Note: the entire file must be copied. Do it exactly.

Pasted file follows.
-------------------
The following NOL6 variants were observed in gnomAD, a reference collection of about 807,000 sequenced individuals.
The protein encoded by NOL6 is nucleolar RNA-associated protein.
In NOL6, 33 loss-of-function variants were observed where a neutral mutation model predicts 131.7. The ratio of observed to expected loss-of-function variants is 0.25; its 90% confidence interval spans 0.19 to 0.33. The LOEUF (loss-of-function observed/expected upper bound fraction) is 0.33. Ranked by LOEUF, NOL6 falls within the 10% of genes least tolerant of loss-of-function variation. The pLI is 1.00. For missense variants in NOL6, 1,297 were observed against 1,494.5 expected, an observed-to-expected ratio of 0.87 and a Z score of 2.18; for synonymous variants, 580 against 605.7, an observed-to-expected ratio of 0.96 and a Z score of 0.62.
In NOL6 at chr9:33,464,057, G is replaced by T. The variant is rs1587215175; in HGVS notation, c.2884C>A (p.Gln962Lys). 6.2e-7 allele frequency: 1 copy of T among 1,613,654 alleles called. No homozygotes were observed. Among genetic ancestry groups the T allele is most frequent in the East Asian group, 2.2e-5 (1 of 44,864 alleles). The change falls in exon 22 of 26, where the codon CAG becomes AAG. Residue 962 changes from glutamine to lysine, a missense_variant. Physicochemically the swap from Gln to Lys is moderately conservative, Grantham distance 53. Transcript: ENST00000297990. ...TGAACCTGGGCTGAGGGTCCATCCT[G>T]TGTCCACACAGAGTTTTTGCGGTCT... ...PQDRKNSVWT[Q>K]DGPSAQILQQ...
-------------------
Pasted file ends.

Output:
The following NOL6 variants were observed in gnomAD, a reference collection of about 807,000 sequenced individuals.
The protein encoded by NOL6 is nucleolar RNA-associated protein.
In NOL6, 33 loss-of-function variants were observed where a neutral mutation model predicts 131.7. The ratio of observed to expected loss-of-function variants is 0.25; its 90% confidence interval spans 0.19 to 0.33. The LOEUF (loss-of-function observed/expected upper bound fraction) is 0.33. Ranked by LOEUF, NOL6 falls within the 10% of genes least tolerant of loss-of-function variation. The pLI is 1.00. For missense variants in NOL6, 1,297 were observed against 1,494.5 expected, an observed-to-expected ratio of 0.87 and a Z score of 2.18; for synonymous variants, 580 against 605.7, an observed-to-expected ratio of 0.96 and a Z score of 0.62.
In NOL6 at chr9:33,464,057, G is replaced by T. The variant is rs1587215175; in HGVS notation, c.2884C>A (p.Gln962Lys). 6.2e-7 allele frequency: 1 copy of T among 1,613,654 alleles called. No homozygotes were observed. Among genetic ancestry groups the T allele is most frequent in the East Asian group, 2.2e-5 (1 of 44,864 alleles). The change falls in exon 22 of 26, where the codon CAG becomes AAG. Residue 962 changes from glutamine to lysine, a missense_variant. Physicochemically the swap from Gln to Lys is moderately conservative, Grantham distance 53. Transcript: ENST00000297990. ...TGAACCTGGGCTGAGGGTCCATCCT[G>T]TGTCCACACAGAGTTTTTGCGGTCT... ...PQDRKNSVWT[Q>K]DGPSAQILQQ...